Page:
Seven years after Sterling Park received Palo Alto's blessing to construct a condominium complex on West Bayshore Road, the project remains in legal limbo, with the developer and the city clashing over affordable housing.
The October ruling from the state Supreme Court reversed two prior rulings from the Superior Court and the state Court of Appeals, both of which sided with the city. The two courts had concurred that Sterling Park cannot challenge the conditions of approval laid out in its 2007 agreement with the city because the 90-day statute of limitation had long expired. Sterling Park first challenged the city's affordable-housing requirement in 2009, long after the City Council and the various land-use boards gave the project the green light.
The Supreme Court saw things differently and concluded that Sterling Park could indeed proceed with its legal challenge because of a separate law that allows developers to contest mitigation fees. Unlike the other two courts, the Supreme Court decided that the dispute between Palo Alto and Sterling Park should not be subject to the 90-day rule and should instead be governed by the Mitigation Fee Act. The law allows a developer to pay fees under protest and then seek reimbursement.
Under this act, the statute of limitations doesn't kick in until after the city notifies the developer of the fees owed and the right to protest. In this case, Sterling Park claimed it never received such a notice and the time limits thus don't apply.
City Attorney Molly Stump did not return a request for comment.
The crux of the disagreement between the highest court and the two lower ones comes down to one vague word: "exaction." The Mitigation Fee Act specifically states, "Any party on whom a fee, tax, assessment, dedication, reservation, or other exaction has been imposed, the payment or performance of which is required to obtain governmental approval of a development ... or development project, may protest the establishment or imposition of the fee, tax, assessment, dedication, reservation or other exaction" as provided in the statute.
The fees developers usually have to provide include funds to support parks, libraries and other infrastructure or defray some of the cost of the new development to the city.
But what exactly is an "exaction?" Depends on which court you consult. The lower courts relied in their rulings on a prior case, Trinity Park vs. the City of Sunnyvale, in which the courts wrestled with the word "exaction" before concluding that the fees in the Mitigation Fee Act should be limited to those imposed for the purpose of "defraying all or a portion of the cost of public facilities related to the development project" or, as the Supreme Court stated in a different ruling, to "alleviate the effects of development on the community."
Using the Trinity Park logic, the lower courts in the Sterling Park case concluded that affordable-housing requirements don't count.
In its July 2012 ruling, the Sixth District Court of Appeals noted that "one purpose of the BMR housing program is to improve air quality and reduce demand on regional transportation infrastructure by insuring (sic) that people of all economic levels can afford to live and work within the city limits rather than commute."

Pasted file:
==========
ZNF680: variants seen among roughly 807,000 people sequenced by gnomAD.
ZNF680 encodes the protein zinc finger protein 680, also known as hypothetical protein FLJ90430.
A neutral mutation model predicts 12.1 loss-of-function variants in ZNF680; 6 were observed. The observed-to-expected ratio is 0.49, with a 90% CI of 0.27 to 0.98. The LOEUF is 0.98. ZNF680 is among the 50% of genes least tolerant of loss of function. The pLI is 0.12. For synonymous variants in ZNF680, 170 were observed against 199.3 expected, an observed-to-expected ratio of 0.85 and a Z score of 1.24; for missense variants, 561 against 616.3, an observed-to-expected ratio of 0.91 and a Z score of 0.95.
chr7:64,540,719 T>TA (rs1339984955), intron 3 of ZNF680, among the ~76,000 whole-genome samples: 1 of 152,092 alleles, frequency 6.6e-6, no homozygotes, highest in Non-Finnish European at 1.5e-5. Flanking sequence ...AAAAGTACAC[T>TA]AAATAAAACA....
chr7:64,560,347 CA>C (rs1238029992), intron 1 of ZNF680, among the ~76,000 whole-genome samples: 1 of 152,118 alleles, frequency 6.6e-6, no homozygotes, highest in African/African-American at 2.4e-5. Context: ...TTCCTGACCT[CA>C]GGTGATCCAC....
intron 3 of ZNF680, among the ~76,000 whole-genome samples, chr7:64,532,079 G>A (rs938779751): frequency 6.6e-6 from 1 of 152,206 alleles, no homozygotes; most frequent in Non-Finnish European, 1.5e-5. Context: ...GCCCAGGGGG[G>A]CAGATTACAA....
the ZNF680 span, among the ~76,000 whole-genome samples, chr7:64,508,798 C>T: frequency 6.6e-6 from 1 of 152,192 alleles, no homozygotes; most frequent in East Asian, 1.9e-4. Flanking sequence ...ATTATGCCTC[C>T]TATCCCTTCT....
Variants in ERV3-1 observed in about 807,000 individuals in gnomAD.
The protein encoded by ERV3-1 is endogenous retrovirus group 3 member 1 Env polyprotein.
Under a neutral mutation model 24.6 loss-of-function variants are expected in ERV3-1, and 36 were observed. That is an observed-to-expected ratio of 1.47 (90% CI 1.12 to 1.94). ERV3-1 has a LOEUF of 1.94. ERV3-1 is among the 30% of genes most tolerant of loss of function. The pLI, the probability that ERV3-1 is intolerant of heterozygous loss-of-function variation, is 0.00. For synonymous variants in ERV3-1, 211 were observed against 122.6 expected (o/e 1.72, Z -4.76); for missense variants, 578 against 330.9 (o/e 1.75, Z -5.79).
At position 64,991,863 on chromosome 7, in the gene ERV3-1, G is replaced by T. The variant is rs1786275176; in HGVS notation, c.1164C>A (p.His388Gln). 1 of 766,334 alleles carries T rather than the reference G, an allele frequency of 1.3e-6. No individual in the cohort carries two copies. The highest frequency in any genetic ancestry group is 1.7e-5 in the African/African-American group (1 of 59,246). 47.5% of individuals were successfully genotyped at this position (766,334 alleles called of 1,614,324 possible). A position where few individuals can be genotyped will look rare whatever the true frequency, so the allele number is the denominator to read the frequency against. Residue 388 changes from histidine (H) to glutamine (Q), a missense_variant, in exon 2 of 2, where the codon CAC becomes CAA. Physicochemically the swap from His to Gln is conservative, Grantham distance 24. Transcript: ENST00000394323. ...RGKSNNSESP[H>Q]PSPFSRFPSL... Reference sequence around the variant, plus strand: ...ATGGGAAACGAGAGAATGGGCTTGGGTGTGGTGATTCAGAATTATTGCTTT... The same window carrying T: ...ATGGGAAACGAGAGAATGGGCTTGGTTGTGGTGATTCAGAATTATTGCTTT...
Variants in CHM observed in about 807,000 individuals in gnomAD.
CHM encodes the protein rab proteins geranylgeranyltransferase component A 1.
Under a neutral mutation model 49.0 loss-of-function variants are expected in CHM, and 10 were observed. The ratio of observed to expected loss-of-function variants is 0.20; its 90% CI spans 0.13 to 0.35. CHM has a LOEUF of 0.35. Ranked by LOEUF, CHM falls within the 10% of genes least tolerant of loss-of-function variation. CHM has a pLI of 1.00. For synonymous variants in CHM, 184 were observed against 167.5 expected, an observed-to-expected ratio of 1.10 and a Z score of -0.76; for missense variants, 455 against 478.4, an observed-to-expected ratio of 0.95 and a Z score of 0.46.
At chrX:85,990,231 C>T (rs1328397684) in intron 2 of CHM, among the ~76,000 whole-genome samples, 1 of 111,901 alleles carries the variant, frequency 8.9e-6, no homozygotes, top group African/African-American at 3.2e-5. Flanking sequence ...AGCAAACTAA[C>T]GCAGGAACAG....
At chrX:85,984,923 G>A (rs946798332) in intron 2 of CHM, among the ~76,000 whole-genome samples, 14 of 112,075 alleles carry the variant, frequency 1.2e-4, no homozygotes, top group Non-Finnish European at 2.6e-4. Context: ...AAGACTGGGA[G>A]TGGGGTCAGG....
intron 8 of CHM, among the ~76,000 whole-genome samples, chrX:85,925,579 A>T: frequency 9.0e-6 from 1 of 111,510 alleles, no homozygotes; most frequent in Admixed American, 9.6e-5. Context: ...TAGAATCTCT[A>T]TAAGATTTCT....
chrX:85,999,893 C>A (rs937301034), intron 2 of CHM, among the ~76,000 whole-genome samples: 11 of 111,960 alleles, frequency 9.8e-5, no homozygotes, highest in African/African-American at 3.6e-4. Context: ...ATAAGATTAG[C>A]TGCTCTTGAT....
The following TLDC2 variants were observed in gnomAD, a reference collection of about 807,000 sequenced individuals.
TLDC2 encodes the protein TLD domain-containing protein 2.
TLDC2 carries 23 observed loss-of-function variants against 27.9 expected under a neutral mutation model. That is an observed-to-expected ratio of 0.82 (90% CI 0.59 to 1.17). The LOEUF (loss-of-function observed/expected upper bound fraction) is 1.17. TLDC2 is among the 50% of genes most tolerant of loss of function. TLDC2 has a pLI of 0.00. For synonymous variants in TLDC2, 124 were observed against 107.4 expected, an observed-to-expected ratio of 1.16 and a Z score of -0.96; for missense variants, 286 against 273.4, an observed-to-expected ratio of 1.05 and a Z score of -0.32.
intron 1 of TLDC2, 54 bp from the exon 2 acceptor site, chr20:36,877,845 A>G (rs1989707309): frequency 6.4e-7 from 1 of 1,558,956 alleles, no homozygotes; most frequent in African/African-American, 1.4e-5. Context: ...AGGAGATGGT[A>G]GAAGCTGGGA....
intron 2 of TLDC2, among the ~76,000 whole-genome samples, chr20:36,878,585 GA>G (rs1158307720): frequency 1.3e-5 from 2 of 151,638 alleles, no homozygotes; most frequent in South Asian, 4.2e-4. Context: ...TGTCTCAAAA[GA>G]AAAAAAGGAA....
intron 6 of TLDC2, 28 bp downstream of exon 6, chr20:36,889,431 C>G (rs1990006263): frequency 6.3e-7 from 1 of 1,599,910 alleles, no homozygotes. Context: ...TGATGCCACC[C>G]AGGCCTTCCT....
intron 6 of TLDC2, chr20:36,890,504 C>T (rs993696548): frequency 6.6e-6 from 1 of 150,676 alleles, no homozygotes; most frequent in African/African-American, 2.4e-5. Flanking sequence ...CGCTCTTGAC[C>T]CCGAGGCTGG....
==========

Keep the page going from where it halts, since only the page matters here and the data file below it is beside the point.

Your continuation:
"This has nothing to do with defraying the cost of public facilities necessitated by the new development itself," appeals court Justice Eugine M. Premo wrote in the opinion, which concluded that since the Mitigation Fee Act should not apply, Sterling Park's challenge should be subject to the regular 90-day period, effectively making it moot.
Not so, argued the Supreme Court. Even though the affordable-housing fees are different from the other mitigations listed in the statute, they fall under the general category of "other exactions."
The court in the Trinity Park case "erred in interpreting the term 'other exactions' so narrowly," Justice Ming Chin wrote in the Supreme Court's ruling.
In rejecting the Trinity Park case, the Supreme Court relied on two other cases (Williams Communications v. City of Riverside; and Fogarty vs. City of Chico), which have a broader definition of "exaction." In these cases, the term applies to actions that "divest the developer of money or possessory interest in property," with less regard to whether the contested fees defray the cost of the development.
The Supreme Court noted that under the faulty logic in the Trinity Park case, the Mitigation Fee Act would "only govern fees that are related to the project but arguably excessive; it would not govern fees or other exactions that are blatantly arbitrary and unlawful."
The city's argument that the 90-day statute of limitation had expired would make sense, the Supreme Court noted, if the disagreement revolved around a condition such as the number of units allowed. It wouldn't make sense, it argued, for the developer to proceed with construction of units that are under dispute while protesting the city's failure to approve them. Obviously, Chin wrote, "one cannot build a project now and litigate later how many units the project can contain or how large each unit can be, or the validity of other use restrictions a local entity might impose."
"But the validity of monetary exactions, or requirements that the developer later set aside a certain number of units to be sold below market value, can be litigated while the project is getting built," Chin wrote.
The Supreme Court did not make any findings about the merits of Sterling Park's challenge, but merely concluded that the Mitigation Fee Act applies to the challenge. The decision means the case will now return to the appeals court.
This story contains 988 words.
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